The use of alternative sources of energy in the Arctic is determining the competitiveness of an entire range of industries. As a result, it has become a key topic at leading international discussion platforms. A number of projects are in place to optimize supplies to the North and lower the impact on the environment. These include construction of wind farms and solar panels, and replacing isolated communities’ reliance on traditional power sources such as diesel with liquified gas and other forms of fuel. Another development has been the creation of the Arctic Renewable Energy Atlas with the support of the Arctic Council, which aims to demonstrate the potential of regional energy efficiency. These projects are already becoming economically attractive to companies in the Arctic, which are increasingly displaying a responsible attitude towards the surrounding environment. How great is the potential of renewable energy sources in the Arctic? How can energy-efficient technologies be used in the region’s business sector?
Children of the Arctic: Best Education Practices for Indigenous Peoples in the Arctic
As part of its activities within the Arctic Council (specifically, the Sustainable Development Working Group), the Russian Federation is implementing a project aimed at improving the quality of preschool education for indigenous peoples in the Arctic and subarctic. This project has drawn upon successful experience in further education. It seeks to improve the sharing of information between Arctic Council member states, analyse the most effective educational programmes and projects in partnership with the expert community and relevant non-profit organizations, prepare the minimum educational content for initiatives such as nomadic schools, and improve data collation processes as a whole. This project spearheaded by Russia is being supported by Finland and Canada as partners in the Sustainable Development Working Group. What best practices in educating the children of indigenous peoples in the Arctic exist? What other steps could be taken to support school education? What social projects to support talented children are in place in the region?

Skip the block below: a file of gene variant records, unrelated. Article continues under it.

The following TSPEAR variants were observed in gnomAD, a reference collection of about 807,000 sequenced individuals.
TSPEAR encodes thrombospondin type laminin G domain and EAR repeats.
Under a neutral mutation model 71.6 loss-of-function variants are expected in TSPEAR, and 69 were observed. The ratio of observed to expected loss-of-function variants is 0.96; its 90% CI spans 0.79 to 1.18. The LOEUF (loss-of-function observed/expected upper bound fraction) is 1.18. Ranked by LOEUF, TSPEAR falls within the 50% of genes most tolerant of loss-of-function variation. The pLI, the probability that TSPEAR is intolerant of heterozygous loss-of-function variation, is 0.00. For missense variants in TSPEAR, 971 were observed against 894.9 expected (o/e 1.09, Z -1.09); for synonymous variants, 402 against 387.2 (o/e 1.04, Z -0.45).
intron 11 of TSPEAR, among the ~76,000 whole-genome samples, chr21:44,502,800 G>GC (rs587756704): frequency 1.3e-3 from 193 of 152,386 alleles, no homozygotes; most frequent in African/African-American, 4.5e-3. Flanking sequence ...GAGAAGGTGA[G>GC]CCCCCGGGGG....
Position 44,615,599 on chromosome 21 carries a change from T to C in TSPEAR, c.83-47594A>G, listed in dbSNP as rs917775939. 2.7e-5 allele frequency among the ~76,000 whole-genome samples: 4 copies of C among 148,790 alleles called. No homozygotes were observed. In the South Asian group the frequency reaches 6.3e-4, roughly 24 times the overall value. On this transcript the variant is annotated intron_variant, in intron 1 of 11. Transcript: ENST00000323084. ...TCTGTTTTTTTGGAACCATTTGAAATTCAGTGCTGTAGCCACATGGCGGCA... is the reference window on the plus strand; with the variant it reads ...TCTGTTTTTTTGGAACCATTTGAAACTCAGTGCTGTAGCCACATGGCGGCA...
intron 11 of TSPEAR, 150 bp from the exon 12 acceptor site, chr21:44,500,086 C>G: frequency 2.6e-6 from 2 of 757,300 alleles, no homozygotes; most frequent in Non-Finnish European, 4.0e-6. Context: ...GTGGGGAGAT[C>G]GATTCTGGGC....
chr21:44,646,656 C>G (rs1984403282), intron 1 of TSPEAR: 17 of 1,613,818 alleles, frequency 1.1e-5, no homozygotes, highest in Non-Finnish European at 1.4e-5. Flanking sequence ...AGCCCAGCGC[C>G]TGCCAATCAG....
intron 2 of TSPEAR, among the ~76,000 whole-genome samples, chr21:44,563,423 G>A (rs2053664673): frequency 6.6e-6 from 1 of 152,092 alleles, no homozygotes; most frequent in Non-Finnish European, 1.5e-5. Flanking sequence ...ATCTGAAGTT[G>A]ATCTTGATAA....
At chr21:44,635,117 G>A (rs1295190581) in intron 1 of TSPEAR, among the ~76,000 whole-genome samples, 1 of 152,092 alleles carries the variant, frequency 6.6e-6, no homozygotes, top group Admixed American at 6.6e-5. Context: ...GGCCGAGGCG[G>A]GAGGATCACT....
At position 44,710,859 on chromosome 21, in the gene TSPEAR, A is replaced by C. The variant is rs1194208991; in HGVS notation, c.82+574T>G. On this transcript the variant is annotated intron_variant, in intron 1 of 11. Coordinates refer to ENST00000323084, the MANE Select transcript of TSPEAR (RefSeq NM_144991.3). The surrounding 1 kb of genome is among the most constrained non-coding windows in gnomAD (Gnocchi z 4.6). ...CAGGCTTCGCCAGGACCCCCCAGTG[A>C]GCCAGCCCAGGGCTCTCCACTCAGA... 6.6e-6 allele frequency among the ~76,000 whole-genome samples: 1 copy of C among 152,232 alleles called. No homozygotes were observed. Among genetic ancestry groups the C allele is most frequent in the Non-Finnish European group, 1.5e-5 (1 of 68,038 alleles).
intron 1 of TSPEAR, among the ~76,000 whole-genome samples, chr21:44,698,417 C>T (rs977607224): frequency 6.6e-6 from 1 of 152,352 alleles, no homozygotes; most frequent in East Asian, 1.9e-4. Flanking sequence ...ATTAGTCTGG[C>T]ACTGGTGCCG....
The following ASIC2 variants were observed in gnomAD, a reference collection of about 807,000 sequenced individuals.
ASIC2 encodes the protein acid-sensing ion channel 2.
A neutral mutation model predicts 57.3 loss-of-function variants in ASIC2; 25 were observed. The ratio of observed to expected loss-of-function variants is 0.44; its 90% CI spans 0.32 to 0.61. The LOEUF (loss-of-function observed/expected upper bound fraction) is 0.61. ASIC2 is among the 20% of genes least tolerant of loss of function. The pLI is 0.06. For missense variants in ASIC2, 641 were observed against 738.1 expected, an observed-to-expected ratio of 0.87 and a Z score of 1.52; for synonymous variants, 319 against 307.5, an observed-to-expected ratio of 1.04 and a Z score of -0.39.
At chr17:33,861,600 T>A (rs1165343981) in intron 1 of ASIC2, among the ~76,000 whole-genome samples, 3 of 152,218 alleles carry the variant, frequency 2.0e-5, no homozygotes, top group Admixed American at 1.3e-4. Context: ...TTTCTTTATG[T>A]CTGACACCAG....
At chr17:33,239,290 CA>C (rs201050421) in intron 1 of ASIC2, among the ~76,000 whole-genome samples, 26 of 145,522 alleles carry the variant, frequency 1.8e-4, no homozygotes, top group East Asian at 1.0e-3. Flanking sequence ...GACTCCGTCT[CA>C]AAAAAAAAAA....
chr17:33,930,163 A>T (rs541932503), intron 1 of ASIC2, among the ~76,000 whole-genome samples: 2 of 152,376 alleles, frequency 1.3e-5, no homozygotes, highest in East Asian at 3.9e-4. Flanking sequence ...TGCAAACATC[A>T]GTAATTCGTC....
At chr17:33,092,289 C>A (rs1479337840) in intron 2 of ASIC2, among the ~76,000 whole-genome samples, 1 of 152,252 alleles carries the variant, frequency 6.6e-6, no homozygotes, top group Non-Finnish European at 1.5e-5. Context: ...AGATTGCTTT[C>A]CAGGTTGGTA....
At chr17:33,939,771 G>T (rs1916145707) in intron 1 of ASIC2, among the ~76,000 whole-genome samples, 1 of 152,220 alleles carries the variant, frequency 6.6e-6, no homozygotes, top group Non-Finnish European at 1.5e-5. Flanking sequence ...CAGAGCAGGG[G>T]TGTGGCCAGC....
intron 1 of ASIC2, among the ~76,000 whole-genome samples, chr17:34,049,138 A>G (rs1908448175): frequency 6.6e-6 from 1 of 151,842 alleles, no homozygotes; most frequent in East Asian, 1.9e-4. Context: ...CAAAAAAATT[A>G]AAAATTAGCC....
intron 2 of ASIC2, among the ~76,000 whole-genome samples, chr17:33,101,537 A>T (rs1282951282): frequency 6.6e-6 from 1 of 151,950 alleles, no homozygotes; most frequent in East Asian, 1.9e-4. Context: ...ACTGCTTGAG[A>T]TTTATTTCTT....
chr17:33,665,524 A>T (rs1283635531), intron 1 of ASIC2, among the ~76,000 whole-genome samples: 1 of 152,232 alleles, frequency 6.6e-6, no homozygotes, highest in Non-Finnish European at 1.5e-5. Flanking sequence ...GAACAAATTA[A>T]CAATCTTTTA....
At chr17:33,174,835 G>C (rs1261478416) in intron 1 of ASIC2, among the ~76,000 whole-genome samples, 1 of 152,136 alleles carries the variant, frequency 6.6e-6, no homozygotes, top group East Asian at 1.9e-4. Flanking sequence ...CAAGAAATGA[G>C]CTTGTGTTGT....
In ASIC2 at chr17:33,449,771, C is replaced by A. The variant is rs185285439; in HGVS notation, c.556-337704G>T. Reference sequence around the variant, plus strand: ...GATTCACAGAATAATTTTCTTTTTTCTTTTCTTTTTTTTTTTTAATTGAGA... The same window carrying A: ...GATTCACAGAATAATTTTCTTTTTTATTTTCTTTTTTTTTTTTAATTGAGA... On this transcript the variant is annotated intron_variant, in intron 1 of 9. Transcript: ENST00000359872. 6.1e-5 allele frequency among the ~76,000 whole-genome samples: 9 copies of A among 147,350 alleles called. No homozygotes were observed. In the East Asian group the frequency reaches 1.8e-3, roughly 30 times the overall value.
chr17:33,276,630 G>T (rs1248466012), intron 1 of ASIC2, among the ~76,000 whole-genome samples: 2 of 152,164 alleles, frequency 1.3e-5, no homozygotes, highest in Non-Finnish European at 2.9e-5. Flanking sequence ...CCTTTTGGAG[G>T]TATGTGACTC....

The Arctic – The ‘Weather Kitchen’
The ongoing and anticipated changes (warming) in the climate of the Arctic create new challenges and new opportunities for Russia’s economy, social sphere and defense, and they require urgent adaptation efforts. In Russia, adaptation to climate change is the principal task for climate services. Countering the climate challenge requires a clear understanding of the causes, effects and prospects of climate change; in addition, it implies constant and continuous monitoring of the climate system itself, as well as assessment of climate impacts, adjustment of forecasts and monitoring the effectiveness of adaptation measures taken. Science is the key resource for adapting to climate change. When planning its adaptation, a facility (economic unit, type of economic activity or territory) does so based on scientifically proven strategies that include quantitative assessments of current and future weather and climate risks, such as current state of the climate system and future climate change scenarios, exposure and vulnerability of the facility at risk, as well as acceptable risk values based on economic and social factors.
The Agro Industry: Livestock Farming and Agriculture in the Arctic